rights as an issue by taking steps to allow greater freedom of expression. Otherwise, the human rights issue will continue to interfere with

U.S.-Azerbaijani relations. As for Turkey, its future government policies will help define where Turkey stands on Iran and with respect to

other matters of concern to the U.S.


Q: Will the discussions concerning the 1915 events and Nagorno-Karabakh in the Congress be easy for Azerbaijan and Turkey or on the



A: As for the 1915 events, I am concerned about what will occur in the next Congress concerning the Armenian Genocide Resolution.

Turkey's policies on Iran have muddied the waters and members of the U.S. Congress are wondering and will continue to wonder where

Turkey's focus is (and is heading) and whether there has been a shift in axis. The flotilla incident further disrupted matters, and the

precipitous decline in Turkish-Israeli relations is also a matter of extreme concern to members of the U.S. Congress. How Turkey approaches

the missile shield issue will also have an impact. When the Armenian Genocide issue comes to a vote again in the House Committee in 2011,

there may be pushback from members of Congress who are critical of Turkey's policies toward Iran and Israel (Turan).



On October 20, 2010, at the Turkish Consulate in Manhattan, some of the members of the Board of Directors of the Turkish American

Chamber of Commerce and Industry (TACCI) had the distinct honor and privilege of meeting with Turkey's Minister of State for Foreign

Trade, Zafer Caglayan.

Minister Caglayan made some remarks about his activities. He then gave those assembled the opportunity to introduce themselves.

TACCI's President Celal Secilmis then briefed the Minister on TACCI's work and he also suggested ways in which TACCI could be an

important and valuable component of the Minister's US-Turkey trade strategy. It was suggested that TACCI would be in a good position to

help implement the objectives and goals that the Minister has charted for the improvement and increase of Turkish-US trade and


The Minister began his career as a businessman and industrialist in the 1980's. He became chairman of the Ankara Chamber of Industry in

1995 after serving as acting chairman. He served as Vice President of the Union of Chambers and Commodity Exchanges of Turkey (TOBB)

for many years.  Minister Caglayan began his political career in 2007 as an elected MP for Ankara 2nd District. He was appointed Minister of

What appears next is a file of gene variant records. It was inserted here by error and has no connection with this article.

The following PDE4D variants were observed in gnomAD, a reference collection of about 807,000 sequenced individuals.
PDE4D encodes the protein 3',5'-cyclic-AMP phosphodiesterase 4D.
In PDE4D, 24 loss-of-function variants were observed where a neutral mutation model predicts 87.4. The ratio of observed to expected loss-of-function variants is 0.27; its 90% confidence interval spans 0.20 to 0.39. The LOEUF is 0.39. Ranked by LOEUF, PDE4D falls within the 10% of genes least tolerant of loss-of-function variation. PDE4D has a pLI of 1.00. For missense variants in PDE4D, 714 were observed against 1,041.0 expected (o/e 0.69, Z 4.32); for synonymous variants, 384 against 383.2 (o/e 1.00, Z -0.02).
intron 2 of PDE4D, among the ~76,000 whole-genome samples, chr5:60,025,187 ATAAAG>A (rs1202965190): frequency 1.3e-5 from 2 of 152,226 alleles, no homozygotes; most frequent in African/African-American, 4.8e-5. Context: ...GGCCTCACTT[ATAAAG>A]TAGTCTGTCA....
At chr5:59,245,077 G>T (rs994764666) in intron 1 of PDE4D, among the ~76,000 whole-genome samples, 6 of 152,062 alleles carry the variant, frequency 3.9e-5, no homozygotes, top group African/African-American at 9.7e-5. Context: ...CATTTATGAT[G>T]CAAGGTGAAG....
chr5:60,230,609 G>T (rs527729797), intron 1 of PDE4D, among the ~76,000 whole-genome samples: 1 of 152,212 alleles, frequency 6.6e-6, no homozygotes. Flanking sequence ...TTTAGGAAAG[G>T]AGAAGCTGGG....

Trade and Industry, and then assumed the position of Minister of State in May 2009.

The Minister has travelled around the United States to meet with American businessmen (including in Chicago, Los Angeles, Atlanta and

Houston) in order to promote increased bilateral US-Turkey trade and investment. In these meetings with American businessmen, the

Minister is able to apply his years of business experience and talk "businessman to businessman" in a very effective way for the purpose of

promoting his important messsage, that of deepening and diversifying the economic relations between the US and Turkey - and increasing

trade levels with the US.

Prior to the Board briefing, earlier in the same week, Minister Caglayan had given a very important keynote address at the American Turkish

Council Conference in Washington, D.C. In addition, the inaugural meeting of the US-Turkey Framework for Strategic Economic and

Commercial Cooperation also took place in Washington, D.C., attended by Minister Caglayan and Economy Minister Ali Babacan, for

Turkey, and for the United States, the meeting was attended by US
Trade Representative Ron Kirk and US Commerce Secretary Gary Locke.

At our briefing, the Minister demonstrated extraordinary leadership qualities - he is a good listener and is extremely gracious to everyone

(including people like myself who were meeting him in person for the first time.) After listening to the presentation of TACCI President

Secilmis, and the comments of the Board members, the Minister responded with concrete ways in which TACCI could become an integral

part of trade strategy as it affects the US. All of the Board members present were greatly honored by having had the opportunity to have a

private briefing with so distinguished a leader from the government of Turkey.

Also present at the New York TACCI briefing with the Minister were Consul General Mehmet Samsar, Commercial Attache Yavuz Ozutku, as

well as officials from the Turkish Ministry of Trade.

Reset: Iran, Turkey and America’s Future PDF Print E-mail

Stephen Kinzer. Reset: Iran, Turkey and America’s Future. New York:
Times Books, Henry Holt and Company, 2010, 274 pages.

The point of Stephen Kinzer’s book, Reset: Iran, Turkey and America’s
Future is straightforward: rather than continue moribund bilateral relationships
with Israel and Saudi Arabia, the US should embrace a new
“power triangle” consisting of the US, Iran and Turkey (p. 12). The
United States should “build an ever-closer partnership with Turkey and,